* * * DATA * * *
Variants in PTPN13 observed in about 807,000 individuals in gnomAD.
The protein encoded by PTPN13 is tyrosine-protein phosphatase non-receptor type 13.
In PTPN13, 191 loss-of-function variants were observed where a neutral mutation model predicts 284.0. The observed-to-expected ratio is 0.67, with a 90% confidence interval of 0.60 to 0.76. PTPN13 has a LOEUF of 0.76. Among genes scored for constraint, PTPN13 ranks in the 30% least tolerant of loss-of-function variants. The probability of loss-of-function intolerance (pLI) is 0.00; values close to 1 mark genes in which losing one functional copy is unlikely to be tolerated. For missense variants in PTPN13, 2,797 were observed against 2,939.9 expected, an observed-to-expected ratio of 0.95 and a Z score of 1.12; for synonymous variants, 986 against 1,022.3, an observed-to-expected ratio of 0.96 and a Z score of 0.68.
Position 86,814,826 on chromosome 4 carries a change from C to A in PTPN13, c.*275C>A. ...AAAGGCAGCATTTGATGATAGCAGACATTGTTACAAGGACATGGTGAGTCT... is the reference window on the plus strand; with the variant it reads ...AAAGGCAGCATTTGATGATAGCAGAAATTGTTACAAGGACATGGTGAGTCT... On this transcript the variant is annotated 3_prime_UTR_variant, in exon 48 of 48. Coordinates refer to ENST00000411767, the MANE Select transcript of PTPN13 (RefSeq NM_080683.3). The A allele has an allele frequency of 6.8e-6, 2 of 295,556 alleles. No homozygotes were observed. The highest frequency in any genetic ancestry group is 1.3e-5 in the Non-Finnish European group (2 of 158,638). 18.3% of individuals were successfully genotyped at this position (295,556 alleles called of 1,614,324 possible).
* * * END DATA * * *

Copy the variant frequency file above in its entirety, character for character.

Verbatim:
Variants in PTPN13 observed in about 807,000 individuals in gnomAD.
The protein encoded by PTPN13 is tyrosine-protein phosphatase non-receptor type 13.
In PTPN13, 191 loss-of-function variants were observed where a neutral mutation model predicts 284.0. The observed-to-expected ratio is 0.67, with a 90% confidence interval of 0.60 to 0.76. PTPN13 has a LOEUF of 0.76. Among genes scored for constraint, PTPN13 ranks in the 30% least tolerant of loss-of-function variants. The probability of loss-of-function intolerance (pLI) is 0.00; values close to 1 mark genes in which losing one functional copy is unlikely to be tolerated. For missense variants in PTPN13, 2,797 were observed against 2,939.9 expected, an observed-to-expected ratio of 0.95 and a Z score of 1.12; for synonymous variants, 986 against 1,022.3, an observed-to-expected ratio of 0.96 and a Z score of 0.68.
Position 86,814,826 on chromosome 4 carries a change from C to A in PTPN13, c.*275C>A. ...AAAGGCAGCATTTGATGATAGCAGACATTGTTACAAGGACATGGTGAGTCT... is the reference window on the plus strand; with the variant it reads ...AAAGGCAGCATTTGATGATAGCAGAAATTGTTACAAGGACATGGTGAGTCT... On this transcript the variant is annotated 3_prime_UTR_variant, in exon 48 of 48. Coordinates refer to ENST00000411767, the MANE Select transcript of PTPN13 (RefSeq NM_080683.3). The A allele has an allele frequency of 6.8e-6, 2 of 295,556 alleles. No homozygotes were observed. The highest frequency in any genetic ancestry group is 1.3e-5 in the Non-Finnish European group (2 of 158,638). 18.3% of individuals were successfully genotyped at this position (295,556 alleles called of 1,614,324 possible).